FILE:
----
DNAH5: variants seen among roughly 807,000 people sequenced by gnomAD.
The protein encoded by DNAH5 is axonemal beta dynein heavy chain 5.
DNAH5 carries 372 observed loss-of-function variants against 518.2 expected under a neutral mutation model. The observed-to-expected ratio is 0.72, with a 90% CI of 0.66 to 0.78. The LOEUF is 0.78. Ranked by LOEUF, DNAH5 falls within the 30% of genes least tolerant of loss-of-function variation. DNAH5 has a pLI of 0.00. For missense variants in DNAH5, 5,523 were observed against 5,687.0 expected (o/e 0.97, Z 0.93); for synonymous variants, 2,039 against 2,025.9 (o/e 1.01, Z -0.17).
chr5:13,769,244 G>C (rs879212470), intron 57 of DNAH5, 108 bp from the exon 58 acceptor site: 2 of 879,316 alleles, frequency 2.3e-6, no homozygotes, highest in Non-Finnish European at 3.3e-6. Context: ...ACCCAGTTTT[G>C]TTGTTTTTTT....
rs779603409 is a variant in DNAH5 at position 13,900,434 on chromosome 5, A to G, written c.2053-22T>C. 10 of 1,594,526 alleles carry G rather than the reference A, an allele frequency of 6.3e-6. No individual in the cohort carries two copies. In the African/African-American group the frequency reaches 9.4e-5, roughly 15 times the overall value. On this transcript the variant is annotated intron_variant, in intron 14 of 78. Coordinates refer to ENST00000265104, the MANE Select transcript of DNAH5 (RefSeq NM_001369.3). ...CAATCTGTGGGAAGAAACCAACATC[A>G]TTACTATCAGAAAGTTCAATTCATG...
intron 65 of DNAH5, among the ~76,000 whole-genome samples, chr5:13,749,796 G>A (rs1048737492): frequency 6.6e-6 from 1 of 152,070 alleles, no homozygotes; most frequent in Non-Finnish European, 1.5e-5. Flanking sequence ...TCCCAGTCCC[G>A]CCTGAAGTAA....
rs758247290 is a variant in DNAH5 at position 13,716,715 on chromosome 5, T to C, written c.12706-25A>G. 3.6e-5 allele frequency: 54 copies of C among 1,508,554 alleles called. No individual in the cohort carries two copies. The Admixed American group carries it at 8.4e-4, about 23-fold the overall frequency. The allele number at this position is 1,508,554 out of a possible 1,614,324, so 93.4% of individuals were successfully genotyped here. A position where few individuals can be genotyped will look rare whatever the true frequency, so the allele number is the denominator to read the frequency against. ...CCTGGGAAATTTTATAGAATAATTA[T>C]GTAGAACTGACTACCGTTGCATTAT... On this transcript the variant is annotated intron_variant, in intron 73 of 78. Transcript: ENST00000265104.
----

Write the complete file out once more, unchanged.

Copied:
DNAH5: variants seen among roughly 807,000 people sequenced by gnomAD.
The protein encoded by DNAH5 is axonemal beta dynein heavy chain 5.
DNAH5 carries 372 observed loss-of-function variants against 518.2 expected under a neutral mutation model. The observed-to-expected ratio is 0.72, with a 90% CI of 0.66 to 0.78. The LOEUF is 0.78. Ranked by LOEUF, DNAH5 falls within the 30% of genes least tolerant of loss-of-function variation. DNAH5 has a pLI of 0.00. For missense variants in DNAH5, 5,523 were observed against 5,687.0 expected (o/e 0.97, Z 0.93); for synonymous variants, 2,039 against 2,025.9 (o/e 1.01, Z -0.17).
chr5:13,769,244 G>C (rs879212470), intron 57 of DNAH5, 108 bp from the exon 58 acceptor site: 2 of 879,316 alleles, frequency 2.3e-6, no homozygotes, highest in Non-Finnish European at 3.3e-6. Context: ...ACCCAGTTTT[G>C]TTGTTTTTTT....
rs779603409 is a variant in DNAH5 at position 13,900,434 on chromosome 5, A to G, written c.2053-22T>C. 10 of 1,594,526 alleles carry G rather than the reference A, an allele frequency of 6.3e-6. No individual in the cohort carries two copies. In the African/African-American group the frequency reaches 9.4e-5, roughly 15 times the overall value. On this transcript the variant is annotated intron_variant, in intron 14 of 78. Coordinates refer to ENST00000265104, the MANE Select transcript of DNAH5 (RefSeq NM_001369.3). ...CAATCTGTGGGAAGAAACCAACATC[A>G]TTACTATCAGAAAGTTCAATTCATG...
intron 65 of DNAH5, among the ~76,000 whole-genome samples, chr5:13,749,796 G>A (rs1048737492): frequency 6.6e-6 from 1 of 152,070 alleles, no homozygotes; most frequent in Non-Finnish European, 1.5e-5. Flanking sequence ...TCCCAGTCCC[G>A]CCTGAAGTAA....
rs758247290 is a variant in DNAH5 at position 13,716,715 on chromosome 5, T to C, written c.12706-25A>G. 3.6e-5 allele frequency: 54 copies of C among 1,508,554 alleles called. No individual in the cohort carries two copies. The Admixed American group carries it at 8.4e-4, about 23-fold the overall frequency. The allele number at this position is 1,508,554 out of a possible 1,614,324, so 93.4% of individuals were successfully genotyped here. A position where few individuals can be genotyped will look rare whatever the true frequency, so the allele number is the denominator to read the frequency against. ...CCTGGGAAATTTTATAGAATAATTA[T>C]GTAGAACTGACTACCGTTGCATTAT... On this transcript the variant is annotated intron_variant, in intron 73 of 78. Transcript: ENST00000265104.